The most recent study shows that confidence in job security declined sharply, but trust in management remains high.
By Larry Basinait
The results of the worker confidence index (WCI) report for the first quarter of 2020 and April are largely consistent with the widely reported economic impact being felt in the U.S. By mid-April, jobless claims exceeded 22 million, the highest since 2009. In the first quarter of 2020 (see Figure 1), the WCI decreased by 1.8 points from the fourth quarter of 2019 to 112.4, marking the second consecutive decline. However, the index remained higher than the first quarter of 2019, as the impact of COVID-19 was only beginning to make its mark during the time the survey was fielded. Preliminary April results show a very different scenario, with the WCI for the month falling to 94.3, by far the lowest since study’s inception.
In the first quarter, three of the four indices that comprise the WCI declined—only the trust in company leadership index increased by 2.1 points (see Figure 2). When comparing the month of April with March, the WCI declined 15.5 points while job security, belief in a promotion, and a belief in a raise all fell between 13 and 20 points.
The only component of the WCI that resisted the downward trend was the trust in company leadership index. In April, the trust index was 113.3, almost identical to January and a very modest decline from March. This result suggests that company leaders are largely communicating effectively with their workforce and enabling workers to conduct business from their homes where feasible. Companies are successfully finding ways to keep operations running. For example, about 70 percent of small businesses have applied for loans that could be received under the Cares Act.
In the first quarter of 2020, job security fell by 4.1 points, resulting in the lowest levels of security reported since the study’s inception. But more telling was the decline that was reported in early March. The job loss index declined 5.4 points during the month, followed by an even sharper decline of 12.9 points in April. Concern about job loss is the most important indicator in estimating worker confidence about their current and near-term financial outlook.
Females again reported higher levels of confidence in their job security than males in the first quarter of 2020, consistent with the historical norm. However, both genders felt more concerned about losing their jobs when compared to the last quarter of 2019. Men, specifically, feel the lowest job security in the history of the study.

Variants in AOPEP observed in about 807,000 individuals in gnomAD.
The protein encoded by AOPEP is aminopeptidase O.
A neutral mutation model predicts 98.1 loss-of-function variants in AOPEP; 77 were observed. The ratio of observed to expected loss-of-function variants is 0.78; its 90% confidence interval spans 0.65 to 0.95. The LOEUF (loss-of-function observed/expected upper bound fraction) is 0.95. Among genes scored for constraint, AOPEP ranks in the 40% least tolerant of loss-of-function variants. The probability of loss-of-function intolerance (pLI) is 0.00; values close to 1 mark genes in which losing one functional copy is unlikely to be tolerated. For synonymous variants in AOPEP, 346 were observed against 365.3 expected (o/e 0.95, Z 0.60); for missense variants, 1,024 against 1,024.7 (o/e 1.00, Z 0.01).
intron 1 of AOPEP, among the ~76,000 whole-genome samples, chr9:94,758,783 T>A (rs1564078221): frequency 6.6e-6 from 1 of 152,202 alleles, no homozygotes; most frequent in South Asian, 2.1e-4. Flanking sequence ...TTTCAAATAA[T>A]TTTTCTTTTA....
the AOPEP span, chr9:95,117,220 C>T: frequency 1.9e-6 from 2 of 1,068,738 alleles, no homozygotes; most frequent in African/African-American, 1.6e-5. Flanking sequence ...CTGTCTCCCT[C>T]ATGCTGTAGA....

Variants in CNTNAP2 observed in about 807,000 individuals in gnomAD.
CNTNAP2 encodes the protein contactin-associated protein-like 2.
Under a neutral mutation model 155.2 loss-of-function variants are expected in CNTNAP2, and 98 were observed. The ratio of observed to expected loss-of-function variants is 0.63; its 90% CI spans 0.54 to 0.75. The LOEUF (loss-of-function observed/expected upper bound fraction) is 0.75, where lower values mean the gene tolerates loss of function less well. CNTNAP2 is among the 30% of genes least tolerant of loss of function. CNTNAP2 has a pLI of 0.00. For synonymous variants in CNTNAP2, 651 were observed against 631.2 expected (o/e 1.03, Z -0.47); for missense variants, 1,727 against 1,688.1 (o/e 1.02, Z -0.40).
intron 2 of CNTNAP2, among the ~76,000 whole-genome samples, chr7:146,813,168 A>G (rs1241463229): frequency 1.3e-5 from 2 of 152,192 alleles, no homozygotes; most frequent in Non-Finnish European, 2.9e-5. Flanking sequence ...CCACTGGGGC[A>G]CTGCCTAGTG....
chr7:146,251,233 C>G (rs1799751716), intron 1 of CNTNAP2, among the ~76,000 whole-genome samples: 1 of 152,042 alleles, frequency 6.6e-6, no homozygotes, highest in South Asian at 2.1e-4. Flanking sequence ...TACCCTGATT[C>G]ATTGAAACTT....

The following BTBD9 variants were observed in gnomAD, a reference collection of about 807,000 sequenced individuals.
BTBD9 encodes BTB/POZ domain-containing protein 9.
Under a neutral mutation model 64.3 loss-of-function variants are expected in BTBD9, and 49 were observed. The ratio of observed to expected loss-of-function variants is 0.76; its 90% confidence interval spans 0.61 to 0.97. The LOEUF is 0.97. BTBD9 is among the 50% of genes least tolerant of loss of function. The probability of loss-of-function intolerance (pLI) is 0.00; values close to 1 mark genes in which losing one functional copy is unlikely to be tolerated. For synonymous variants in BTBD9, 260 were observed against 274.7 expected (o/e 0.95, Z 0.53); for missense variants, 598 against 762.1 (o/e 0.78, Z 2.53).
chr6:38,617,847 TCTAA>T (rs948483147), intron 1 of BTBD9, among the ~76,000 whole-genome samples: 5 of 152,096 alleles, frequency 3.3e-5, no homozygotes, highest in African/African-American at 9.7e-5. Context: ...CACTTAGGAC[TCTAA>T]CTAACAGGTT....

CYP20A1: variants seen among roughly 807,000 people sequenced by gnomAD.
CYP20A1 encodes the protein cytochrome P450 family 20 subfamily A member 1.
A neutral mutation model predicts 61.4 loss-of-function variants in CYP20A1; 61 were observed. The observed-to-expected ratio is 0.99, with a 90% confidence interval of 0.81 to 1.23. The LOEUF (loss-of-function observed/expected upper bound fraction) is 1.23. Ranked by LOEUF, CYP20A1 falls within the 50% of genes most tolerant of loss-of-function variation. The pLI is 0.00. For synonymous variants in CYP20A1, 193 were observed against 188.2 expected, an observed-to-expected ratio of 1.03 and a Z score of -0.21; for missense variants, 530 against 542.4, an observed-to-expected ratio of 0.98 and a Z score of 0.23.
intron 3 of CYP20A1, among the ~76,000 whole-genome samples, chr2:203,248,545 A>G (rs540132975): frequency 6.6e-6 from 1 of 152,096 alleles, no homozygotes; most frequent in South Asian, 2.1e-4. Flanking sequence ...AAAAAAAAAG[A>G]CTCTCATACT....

Workforce data from the Bureau of Labor Statistics (BLS) remains consistent with negative job security study findings. By the end of the first quarter of 2020, there were 1.2 percent fewer workers than at the end of the last quarter of 2019, bringing the total number of people in the U.S. workforce to 117.18 million. This is a decrease of more than 1.3 million workers over the span of one quarter.
The belief in the likelihood of promotion index also declined in the first quarter to 114.8, a drop of more than 10 points from the fourth quarter of 2019. While males’ confidence dropped slightly, the decline was mainly from females, with only 18.2 percent indicating they anticipate a promotion in the next 12 months. Those under age 45 were the most inclined to anticipate a promotion compared to other age groups in the first quarter of 2020, as were those with the highest household income, exceeding $100,000. No other component of the WCI has declined as much as the likelihood of promotion since January.
Worker perceptions about the likelihood of a raise declined by 10.5 points in the index. Just over one-quarter (27.1 percent) of survey respondents felt they would get a raise of at least 3 percent for the quarterly average. Males remained significantly more likely than females to anticipate getting a raise, 34.5 percent versus 21.3 percent, respectively. The discrepancy between genders of 13.2 percentage points is the largest since the study’s inception.
Looking at the 2020 results to date, the impact of the COVID-19 pandemic is most clearly visible in April, though the WCI has declined in each month of the year (see Figure 3). Other than trust in company leadership, every other area examined declined dramatically in April, with the likelihood of a promotion and the likelihood of a raise indices both down by about 20 points. Trust in company leadership held steady, down by less than 2 index points.